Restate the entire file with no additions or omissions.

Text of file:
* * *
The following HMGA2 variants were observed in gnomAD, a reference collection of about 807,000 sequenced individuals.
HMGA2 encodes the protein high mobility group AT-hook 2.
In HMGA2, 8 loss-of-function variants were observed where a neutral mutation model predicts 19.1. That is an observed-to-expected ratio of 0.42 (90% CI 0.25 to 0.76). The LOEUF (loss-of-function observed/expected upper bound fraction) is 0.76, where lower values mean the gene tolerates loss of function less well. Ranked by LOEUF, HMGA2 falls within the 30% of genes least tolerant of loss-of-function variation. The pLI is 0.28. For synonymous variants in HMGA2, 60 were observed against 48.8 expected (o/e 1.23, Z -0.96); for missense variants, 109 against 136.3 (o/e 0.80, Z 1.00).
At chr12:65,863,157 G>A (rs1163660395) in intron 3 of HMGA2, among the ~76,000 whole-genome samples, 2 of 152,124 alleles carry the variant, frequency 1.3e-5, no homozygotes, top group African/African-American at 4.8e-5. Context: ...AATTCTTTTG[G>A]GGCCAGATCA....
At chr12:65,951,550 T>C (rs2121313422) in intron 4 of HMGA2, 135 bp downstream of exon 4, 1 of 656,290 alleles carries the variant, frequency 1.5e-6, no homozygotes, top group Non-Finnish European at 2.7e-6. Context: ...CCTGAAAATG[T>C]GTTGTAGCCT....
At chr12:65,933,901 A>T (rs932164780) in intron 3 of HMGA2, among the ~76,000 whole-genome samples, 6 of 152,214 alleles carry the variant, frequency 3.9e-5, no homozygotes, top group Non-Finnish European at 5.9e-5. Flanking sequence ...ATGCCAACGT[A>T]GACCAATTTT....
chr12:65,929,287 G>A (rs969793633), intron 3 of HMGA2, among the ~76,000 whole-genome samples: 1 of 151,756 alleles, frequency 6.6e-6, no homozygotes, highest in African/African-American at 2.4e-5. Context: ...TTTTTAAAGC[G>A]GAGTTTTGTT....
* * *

The following HMGA2 variants were observed in gnomAD, a reference collection of about 807,000 sequenced individuals.
HMGA2 encodes the protein high mobility group AT-hook 2.
In HMGA2, 8 loss-of-function variants were observed where a neutral mutation model predicts 19.1. That is an observed-to-expected ratio of 0.42 (90% CI 0.25 to 0.76). The LOEUF (loss-of-function observed/expected upper bound fraction) is 0.76, where lower values mean the gene tolerates loss of function less well. Ranked by LOEUF, HMGA2 falls within the 30% of genes least tolerant of loss-of-function variation. The pLI is 0.28. For synonymous variants in HMGA2, 60 were observed against 48.8 expected (o/e 1.23, Z -0.96); for missense variants, 109 against 136.3 (o/e 0.80, Z 1.00).
At chr12:65,863,157 G>A (rs1163660395) in intron 3 of HMGA2, among the ~76,000 whole-genome samples, 2 of 152,124 alleles carry the variant, frequency 1.3e-5, no homozygotes, top group African/African-American at 4.8e-5. Context: ...AATTCTTTTG[G>A]GGCCAGATCA....
At chr12:65,951,550 T>C (rs2121313422) in intron 4 of HMGA2, 135 bp downstream of exon 4, 1 of 656,290 alleles carries the variant, frequency 1.5e-6, no homozygotes, top group Non-Finnish European at 2.7e-6. Context: ...CCTGAAAATG[T>C]GTTGTAGCCT....
At chr12:65,933,901 A>T (rs932164780) in intron 3 of HMGA2, among the ~76,000 whole-genome samples, 6 of 152,214 alleles carry the variant, frequency 3.9e-5, no homozygotes, top group Non-Finnish European at 5.9e-5. Flanking sequence ...ATGCCAACGT[A>T]GACCAATTTT....
chr12:65,929,287 G>A (rs969793633), intron 3 of HMGA2, among the ~76,000 whole-genome samples: 1 of 151,756 alleles, frequency 6.6e-6, no homozygotes, highest in African/African-American at 2.4e-5. Context: ...TTTTTAAAGC[G>A]GAGTTTTGTT....